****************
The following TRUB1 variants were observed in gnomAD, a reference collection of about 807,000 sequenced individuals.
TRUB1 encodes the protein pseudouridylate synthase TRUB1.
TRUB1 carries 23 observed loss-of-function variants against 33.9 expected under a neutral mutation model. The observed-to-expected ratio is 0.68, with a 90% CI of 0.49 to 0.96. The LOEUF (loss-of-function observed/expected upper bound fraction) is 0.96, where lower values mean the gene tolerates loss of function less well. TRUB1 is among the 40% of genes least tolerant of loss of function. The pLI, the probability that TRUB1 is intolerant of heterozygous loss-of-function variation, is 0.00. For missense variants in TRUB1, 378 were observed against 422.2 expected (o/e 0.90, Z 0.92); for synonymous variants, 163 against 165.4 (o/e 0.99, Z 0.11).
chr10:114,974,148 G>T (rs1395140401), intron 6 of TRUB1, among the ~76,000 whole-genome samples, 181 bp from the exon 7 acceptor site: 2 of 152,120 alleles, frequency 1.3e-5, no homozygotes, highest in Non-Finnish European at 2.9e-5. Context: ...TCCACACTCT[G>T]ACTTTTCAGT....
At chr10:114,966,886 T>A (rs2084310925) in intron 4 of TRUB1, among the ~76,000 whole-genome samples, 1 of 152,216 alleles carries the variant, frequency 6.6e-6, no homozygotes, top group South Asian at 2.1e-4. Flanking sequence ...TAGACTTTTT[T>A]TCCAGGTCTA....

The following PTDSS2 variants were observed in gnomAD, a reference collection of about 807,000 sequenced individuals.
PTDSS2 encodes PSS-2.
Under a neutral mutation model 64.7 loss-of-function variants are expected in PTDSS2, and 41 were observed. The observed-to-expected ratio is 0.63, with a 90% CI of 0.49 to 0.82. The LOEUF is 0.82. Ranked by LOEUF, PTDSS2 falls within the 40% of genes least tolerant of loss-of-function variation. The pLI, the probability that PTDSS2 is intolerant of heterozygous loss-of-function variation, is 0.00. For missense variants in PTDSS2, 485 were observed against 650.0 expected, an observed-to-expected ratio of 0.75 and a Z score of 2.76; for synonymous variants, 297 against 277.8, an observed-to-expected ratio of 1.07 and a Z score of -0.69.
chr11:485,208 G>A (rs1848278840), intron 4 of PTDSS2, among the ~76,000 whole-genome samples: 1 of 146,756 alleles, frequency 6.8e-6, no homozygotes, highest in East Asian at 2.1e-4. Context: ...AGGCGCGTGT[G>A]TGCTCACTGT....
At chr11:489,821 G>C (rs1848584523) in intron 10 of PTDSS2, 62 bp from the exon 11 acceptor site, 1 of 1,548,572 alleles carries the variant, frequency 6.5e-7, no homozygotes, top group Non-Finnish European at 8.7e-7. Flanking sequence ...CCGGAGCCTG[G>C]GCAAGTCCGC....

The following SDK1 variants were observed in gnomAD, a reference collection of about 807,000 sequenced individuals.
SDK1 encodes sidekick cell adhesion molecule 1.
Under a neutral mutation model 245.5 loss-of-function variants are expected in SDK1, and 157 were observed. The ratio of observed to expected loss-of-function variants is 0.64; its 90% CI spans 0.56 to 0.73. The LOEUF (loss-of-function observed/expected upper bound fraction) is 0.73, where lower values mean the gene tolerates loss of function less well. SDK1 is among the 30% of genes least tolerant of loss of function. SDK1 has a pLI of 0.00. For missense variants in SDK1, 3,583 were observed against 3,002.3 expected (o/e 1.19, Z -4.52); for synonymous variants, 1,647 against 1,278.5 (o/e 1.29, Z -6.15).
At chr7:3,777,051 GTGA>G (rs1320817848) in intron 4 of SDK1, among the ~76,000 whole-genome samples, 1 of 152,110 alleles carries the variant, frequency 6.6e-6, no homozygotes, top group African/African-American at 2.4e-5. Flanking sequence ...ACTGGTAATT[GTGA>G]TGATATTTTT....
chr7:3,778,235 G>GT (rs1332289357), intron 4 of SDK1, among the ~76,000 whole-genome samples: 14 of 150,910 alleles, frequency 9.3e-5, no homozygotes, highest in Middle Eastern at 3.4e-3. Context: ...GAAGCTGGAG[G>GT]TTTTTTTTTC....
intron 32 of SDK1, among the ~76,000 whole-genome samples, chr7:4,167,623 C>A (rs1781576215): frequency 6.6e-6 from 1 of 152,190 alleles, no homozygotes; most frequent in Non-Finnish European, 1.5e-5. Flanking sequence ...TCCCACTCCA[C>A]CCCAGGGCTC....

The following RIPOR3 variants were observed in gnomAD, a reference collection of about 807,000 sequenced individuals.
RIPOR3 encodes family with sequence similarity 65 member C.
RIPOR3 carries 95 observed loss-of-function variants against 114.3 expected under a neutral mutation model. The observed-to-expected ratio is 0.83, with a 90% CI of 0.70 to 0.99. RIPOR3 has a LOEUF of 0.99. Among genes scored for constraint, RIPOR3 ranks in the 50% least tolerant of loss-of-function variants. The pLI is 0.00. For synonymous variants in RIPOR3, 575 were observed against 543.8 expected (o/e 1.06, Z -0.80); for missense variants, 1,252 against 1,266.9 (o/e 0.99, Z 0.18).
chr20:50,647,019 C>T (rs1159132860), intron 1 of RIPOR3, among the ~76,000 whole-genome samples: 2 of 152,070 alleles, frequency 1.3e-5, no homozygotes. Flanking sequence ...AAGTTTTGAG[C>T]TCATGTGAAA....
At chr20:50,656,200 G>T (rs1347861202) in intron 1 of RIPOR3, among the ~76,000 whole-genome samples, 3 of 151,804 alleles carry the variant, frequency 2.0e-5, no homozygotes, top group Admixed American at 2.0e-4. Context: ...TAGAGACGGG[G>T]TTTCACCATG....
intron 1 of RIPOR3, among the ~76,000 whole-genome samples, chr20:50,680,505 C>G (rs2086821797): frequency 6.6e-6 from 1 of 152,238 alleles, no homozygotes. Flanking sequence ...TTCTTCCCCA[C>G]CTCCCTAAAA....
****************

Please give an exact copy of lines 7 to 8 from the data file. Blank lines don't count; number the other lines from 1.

PTDSS2 encodes PSS-2.
Under a neutral mutation model 64.7 loss-of-function variants are expected in PTDSS2, and 41 were observed. The observed-to-expected ratio is 0.63, with a 90% CI of 0.49 to 0.82. The LOEUF is 0.82. Ranked by LOEUF, PTDSS2 falls within the 40% of genes least tolerant of loss-of-function variation. The pLI, the probability that PTDSS2 is intolerant of heterozygous loss-of-function variation, is 0.00. For missense variants in PTDSS2, 485 were observed against 650.0 expected, an observed-to-expected ratio of 0.75 and a Z score of 2.76; for synonymous variants, 297 against 277.8, an observed-to-expected ratio of 1.07 and a Z score of -0.69.